Historic Markers Across Tennessee



Hallowed Ground



Marker ID: NPS 
Location: is at the intersection of Cemetery Road and Church Street, at stop 11, on the driving tour of Fort Donelson National Battlefield, Dover, TN
County: Stewart
Coordinates: N 36° 29.265    W 087° 50.815
  36.48775    -87.84691666
Waymark: None
 



Text:

Fort Donelson National Cemetery was established in 1867 as the final resting place for Union soldiers and sailors who died during the Civil War and were buried in this area. The cemetery occupies the site of the second Fort Donelson built in 1863 by Union soldiers and freedmen from the nearby freedmen's village. Initially 670 Union soldiers (512 of them unknown) were reinterred here from battlefield graves, local cemeteries, and nearby towns. Among the Civil War soldiers buried here are five known and nine unknown soldiers from the United States Colored Troops. No longer active, the national cemetery also contains the remains of veterans who served the United States in later wars.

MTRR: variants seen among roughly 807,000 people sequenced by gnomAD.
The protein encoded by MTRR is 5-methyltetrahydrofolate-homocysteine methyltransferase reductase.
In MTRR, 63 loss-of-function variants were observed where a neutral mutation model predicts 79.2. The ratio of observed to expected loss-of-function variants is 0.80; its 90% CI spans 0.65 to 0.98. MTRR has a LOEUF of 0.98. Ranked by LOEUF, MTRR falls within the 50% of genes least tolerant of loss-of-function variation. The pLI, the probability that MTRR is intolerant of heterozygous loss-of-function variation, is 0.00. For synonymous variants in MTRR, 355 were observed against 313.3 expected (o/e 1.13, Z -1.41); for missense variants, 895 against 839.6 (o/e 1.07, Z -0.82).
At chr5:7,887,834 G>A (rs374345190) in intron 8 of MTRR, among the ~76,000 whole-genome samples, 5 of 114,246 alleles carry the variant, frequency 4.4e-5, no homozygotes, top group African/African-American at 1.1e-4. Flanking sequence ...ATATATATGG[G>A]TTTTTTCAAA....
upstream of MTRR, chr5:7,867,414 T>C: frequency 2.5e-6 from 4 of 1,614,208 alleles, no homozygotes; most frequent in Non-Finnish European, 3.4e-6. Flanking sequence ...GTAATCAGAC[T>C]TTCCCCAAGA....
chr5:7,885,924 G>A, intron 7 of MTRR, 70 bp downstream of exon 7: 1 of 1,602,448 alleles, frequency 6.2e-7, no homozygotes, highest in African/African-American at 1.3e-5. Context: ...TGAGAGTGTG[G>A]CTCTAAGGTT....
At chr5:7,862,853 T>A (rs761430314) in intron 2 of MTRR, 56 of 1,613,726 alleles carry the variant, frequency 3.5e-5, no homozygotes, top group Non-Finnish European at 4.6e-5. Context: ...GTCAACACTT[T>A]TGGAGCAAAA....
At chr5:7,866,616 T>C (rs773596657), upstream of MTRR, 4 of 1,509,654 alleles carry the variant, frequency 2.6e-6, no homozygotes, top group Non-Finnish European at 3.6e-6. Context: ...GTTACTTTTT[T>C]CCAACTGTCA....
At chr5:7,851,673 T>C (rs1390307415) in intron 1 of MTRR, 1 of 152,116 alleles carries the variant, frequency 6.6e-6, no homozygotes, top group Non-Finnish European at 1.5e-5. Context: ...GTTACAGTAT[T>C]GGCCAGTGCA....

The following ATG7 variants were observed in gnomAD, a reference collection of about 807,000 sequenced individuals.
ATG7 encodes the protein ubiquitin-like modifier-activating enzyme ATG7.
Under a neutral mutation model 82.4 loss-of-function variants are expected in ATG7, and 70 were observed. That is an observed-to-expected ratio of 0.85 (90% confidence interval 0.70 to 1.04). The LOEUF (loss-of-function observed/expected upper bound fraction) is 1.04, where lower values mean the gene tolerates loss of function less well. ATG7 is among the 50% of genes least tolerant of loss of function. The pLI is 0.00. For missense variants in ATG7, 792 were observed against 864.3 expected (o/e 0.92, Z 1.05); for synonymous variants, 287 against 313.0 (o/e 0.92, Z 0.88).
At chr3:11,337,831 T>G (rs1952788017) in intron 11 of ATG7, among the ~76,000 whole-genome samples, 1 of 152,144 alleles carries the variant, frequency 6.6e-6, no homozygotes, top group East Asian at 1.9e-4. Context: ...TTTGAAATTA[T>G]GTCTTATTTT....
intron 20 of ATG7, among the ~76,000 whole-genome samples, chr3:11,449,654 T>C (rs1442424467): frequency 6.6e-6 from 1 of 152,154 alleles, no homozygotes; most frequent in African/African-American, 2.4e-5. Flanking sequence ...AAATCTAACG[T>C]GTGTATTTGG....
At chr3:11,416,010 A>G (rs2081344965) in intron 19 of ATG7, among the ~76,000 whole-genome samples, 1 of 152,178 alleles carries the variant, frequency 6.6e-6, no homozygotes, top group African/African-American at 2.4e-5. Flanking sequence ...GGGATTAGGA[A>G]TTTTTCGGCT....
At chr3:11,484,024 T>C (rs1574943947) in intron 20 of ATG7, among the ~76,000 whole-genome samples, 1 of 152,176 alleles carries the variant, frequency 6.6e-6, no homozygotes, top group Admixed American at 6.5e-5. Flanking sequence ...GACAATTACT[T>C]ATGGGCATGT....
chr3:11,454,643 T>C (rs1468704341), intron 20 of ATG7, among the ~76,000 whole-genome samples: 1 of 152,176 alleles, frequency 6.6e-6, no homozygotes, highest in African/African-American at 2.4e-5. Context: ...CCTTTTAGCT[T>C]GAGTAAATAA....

The outer ring of headstones marks the graves of 62 soldiers from the 11th Illinois Infantry, killed resisting the Confederate breakout attempt of February 15, 1862.

Judge James E. Rice, prominent Dover citizen and civilian aide to Gen. Gideon Pillow during the Battle of Fort Donelson, visits the national cemetery about 1880. Note the cannon used as gate posts.



Erected by Fort Donelson National Battlefield - National Park Service - Department of the Interior.




Notes:

More information:
Wikipedia: Battle of Fort Donelson
NPS: Fort Donelson
NPS: Fort Donelson - Battle Summary